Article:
it’s just writing on instagram: “best decision I ever made / marrying this one” / now no one is afraid to get drinks with “this one” / he’s “safe” because he married a nerd who thinks / she’s a 19th century aristocrat
On writing into the other meanings of a hometown murder mystery.
The writer on Swedish Nebraska, the lyric essay, and brevity as a superpower.
A two-sided novel and a psychological road narrative, both books explore contemporary culture by channeling iconic literary traditions.
We lived in the constrictive belt of bible-thumpers, but I always wanted my life to unfurl like a beach read, the kind of life that conjures a certain ephemeral pleasure, baked between sand and sun, crashing waves far enough away so their fatal danger only registers as ambiance.
The writer on the artistic and emotional merits of reality TV.
The Restless Souls novelist on reading his reviews, working as a medical equipment tester, and writing responsibly about war and trauma.
at dusk each day i like to think / of all my new friends in different parts / of the city jerking off / running baths / vaping weed getting sober / running their mouths / & reading poetry aloud to one another.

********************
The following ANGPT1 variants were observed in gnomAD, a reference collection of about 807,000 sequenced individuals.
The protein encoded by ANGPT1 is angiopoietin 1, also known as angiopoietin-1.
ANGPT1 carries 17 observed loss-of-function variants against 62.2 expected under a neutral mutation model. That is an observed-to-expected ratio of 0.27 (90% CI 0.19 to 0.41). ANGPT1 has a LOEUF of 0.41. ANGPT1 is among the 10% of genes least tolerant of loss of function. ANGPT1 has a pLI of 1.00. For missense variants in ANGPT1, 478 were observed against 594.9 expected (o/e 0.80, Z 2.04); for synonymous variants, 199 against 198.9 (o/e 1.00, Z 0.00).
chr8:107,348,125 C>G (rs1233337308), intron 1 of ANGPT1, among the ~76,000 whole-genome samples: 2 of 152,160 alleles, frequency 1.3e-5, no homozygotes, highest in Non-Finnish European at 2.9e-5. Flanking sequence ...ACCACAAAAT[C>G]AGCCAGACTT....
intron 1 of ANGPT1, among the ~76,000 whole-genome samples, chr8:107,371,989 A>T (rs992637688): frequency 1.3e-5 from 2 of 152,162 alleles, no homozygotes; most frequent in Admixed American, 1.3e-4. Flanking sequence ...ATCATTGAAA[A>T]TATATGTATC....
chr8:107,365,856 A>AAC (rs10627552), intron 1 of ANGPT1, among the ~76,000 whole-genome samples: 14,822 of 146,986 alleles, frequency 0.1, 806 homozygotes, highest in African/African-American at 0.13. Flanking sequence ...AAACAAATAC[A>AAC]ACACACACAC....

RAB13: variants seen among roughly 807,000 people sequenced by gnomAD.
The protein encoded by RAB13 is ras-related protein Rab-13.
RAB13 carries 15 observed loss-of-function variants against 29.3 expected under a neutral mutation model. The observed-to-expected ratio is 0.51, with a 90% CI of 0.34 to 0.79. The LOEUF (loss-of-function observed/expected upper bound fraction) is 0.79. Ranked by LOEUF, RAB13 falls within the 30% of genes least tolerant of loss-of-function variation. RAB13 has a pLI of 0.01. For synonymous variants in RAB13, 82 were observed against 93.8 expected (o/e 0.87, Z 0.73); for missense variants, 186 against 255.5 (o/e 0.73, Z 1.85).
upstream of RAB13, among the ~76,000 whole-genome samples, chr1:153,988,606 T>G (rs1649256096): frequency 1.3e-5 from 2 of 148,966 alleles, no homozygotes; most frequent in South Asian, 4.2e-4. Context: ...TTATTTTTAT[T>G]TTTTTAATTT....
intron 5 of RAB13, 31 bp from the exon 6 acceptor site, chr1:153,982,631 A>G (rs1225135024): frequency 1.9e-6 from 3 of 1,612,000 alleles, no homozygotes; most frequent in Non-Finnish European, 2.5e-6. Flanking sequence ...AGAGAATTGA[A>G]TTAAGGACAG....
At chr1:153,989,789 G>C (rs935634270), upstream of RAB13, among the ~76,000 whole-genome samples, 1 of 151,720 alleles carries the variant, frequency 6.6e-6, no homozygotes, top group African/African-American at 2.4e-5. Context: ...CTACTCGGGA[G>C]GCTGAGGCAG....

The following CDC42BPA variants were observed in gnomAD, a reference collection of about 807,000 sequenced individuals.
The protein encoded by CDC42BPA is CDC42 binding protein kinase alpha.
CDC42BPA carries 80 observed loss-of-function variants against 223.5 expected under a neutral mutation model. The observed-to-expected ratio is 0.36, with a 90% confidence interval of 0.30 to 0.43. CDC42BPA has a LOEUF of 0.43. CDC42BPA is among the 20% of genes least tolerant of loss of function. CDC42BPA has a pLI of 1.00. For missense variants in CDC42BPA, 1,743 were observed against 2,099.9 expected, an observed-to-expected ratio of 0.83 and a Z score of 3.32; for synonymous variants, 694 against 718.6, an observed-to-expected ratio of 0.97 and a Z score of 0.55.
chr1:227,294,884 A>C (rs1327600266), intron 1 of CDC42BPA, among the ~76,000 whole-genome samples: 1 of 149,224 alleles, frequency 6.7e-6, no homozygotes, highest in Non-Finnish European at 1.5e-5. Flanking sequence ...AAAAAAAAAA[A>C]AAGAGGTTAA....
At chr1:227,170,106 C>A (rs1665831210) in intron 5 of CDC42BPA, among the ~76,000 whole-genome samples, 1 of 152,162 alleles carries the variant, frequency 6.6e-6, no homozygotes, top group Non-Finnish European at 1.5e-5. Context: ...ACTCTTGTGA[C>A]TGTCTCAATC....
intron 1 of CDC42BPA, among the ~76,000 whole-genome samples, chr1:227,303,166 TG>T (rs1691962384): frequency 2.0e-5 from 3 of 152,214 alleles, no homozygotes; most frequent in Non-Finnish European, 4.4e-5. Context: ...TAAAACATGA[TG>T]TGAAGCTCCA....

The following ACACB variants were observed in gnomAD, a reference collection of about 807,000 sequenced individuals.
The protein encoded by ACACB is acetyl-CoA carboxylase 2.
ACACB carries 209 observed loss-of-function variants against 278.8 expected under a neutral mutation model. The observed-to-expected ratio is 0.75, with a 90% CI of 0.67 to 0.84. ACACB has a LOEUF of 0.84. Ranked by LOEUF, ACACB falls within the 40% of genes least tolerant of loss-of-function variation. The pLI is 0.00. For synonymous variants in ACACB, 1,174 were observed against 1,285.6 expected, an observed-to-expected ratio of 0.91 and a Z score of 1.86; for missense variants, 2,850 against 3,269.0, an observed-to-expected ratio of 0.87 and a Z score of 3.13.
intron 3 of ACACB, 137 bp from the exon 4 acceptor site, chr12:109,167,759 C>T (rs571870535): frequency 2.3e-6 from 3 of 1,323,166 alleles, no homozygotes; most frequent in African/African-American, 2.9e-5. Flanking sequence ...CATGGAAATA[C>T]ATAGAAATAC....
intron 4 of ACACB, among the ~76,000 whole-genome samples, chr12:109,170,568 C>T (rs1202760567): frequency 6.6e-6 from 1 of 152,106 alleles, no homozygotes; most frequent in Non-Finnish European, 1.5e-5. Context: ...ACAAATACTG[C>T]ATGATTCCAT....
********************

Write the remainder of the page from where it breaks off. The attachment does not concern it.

When I was thirteen, two missionaries from the Church of Jesus Christ of Latter-day Saints came to the house to follow up on a conversation from the week before with my mother.
The playwright discusses his formative years, rejuvenation of historical material, and how race is coded into theatergoing itself.
The writer of Bunk on American hucksterism, racism, plagiarism, and why we believe what we want to believe.
Reminding us of what should never have been forgotten
In advance of the next installment of his extensive history of New York City, Wallace expounds on the pivotal early years of the twentieth century.
Picture an area the size of Manhattan covered in sand. It rises and falls and disappears.
“I don’t want the kind of career where everything is sensible and safe; I’d rather suffer through the anxiety of wondering where I’m going next than suffer the boredom of dancing in the same safe square.”
Contis explores the construction of myth, place, and masculine identity in the enduring imagery of the American West.
Disaffected drifting in Erika Carter’s Lucky You
Life and death in a mining town in Kevin Canty’s The Underworld